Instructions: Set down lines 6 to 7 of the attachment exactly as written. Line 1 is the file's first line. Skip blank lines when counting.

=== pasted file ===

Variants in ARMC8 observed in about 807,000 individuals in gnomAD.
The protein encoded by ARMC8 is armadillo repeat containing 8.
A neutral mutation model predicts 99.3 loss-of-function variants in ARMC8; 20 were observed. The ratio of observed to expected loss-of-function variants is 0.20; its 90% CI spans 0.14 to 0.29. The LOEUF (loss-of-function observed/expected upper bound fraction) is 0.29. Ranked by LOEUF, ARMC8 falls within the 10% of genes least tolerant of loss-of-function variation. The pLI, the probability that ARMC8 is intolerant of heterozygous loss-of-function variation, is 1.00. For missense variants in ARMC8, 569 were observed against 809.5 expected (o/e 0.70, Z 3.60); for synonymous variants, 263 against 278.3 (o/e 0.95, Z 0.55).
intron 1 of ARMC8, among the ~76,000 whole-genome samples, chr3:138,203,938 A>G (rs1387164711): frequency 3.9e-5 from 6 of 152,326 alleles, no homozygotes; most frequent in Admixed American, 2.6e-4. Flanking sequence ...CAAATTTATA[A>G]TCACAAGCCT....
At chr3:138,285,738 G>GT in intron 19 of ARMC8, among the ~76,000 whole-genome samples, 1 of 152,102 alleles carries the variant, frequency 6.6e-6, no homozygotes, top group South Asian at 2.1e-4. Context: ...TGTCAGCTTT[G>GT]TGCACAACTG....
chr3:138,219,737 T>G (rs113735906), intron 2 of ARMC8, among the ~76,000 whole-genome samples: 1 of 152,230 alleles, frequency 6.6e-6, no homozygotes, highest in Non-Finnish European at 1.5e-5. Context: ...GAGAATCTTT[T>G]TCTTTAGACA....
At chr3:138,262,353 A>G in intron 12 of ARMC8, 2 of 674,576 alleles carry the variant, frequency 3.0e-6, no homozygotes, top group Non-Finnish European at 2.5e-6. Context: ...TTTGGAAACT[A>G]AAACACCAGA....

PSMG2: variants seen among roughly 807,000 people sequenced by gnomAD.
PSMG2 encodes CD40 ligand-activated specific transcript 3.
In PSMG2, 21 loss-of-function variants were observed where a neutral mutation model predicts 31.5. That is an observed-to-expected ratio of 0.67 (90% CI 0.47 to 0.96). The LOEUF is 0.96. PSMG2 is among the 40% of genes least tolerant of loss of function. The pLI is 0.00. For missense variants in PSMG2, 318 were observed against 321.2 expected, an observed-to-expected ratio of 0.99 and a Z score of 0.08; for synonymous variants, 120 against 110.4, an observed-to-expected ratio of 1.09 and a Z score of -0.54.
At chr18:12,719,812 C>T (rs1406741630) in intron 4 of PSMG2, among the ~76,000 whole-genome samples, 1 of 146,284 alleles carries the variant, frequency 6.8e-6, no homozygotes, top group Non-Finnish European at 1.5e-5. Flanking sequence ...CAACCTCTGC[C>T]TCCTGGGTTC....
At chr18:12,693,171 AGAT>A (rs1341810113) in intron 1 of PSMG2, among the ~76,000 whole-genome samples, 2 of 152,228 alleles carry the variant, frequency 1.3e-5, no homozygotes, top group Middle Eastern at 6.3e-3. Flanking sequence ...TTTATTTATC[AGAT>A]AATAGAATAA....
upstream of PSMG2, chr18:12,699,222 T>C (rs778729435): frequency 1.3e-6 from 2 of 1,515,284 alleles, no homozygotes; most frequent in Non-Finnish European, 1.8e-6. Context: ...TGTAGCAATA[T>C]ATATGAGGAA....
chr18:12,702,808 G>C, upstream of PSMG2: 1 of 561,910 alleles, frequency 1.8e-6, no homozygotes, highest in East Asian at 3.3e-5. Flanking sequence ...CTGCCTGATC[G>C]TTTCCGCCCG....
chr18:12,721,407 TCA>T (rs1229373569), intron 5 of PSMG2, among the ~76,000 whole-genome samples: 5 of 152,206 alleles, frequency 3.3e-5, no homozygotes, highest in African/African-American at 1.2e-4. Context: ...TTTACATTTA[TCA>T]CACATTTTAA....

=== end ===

chr3:138,219,737 T>G (rs113735906), intron 2 of ARMC8, among the ~76,000 whole-genome samples: 1 of 152,230 alleles, frequency 6.6e-6, no homozygotes, highest in Non-Finnish European at 1.5e-5. Context: ...GAGAATCTTT[T>G]TCTTTAGACA....
At chr3:138,262,353 A>G in intron 12 of ARMC8, 2 of 674,576 alleles carry the variant, frequency 3.0e-6, no homozygotes, top group Non-Finnish European at 2.5e-6. Context: ...TTTGGAAACT[A>G]AAACACCAGA....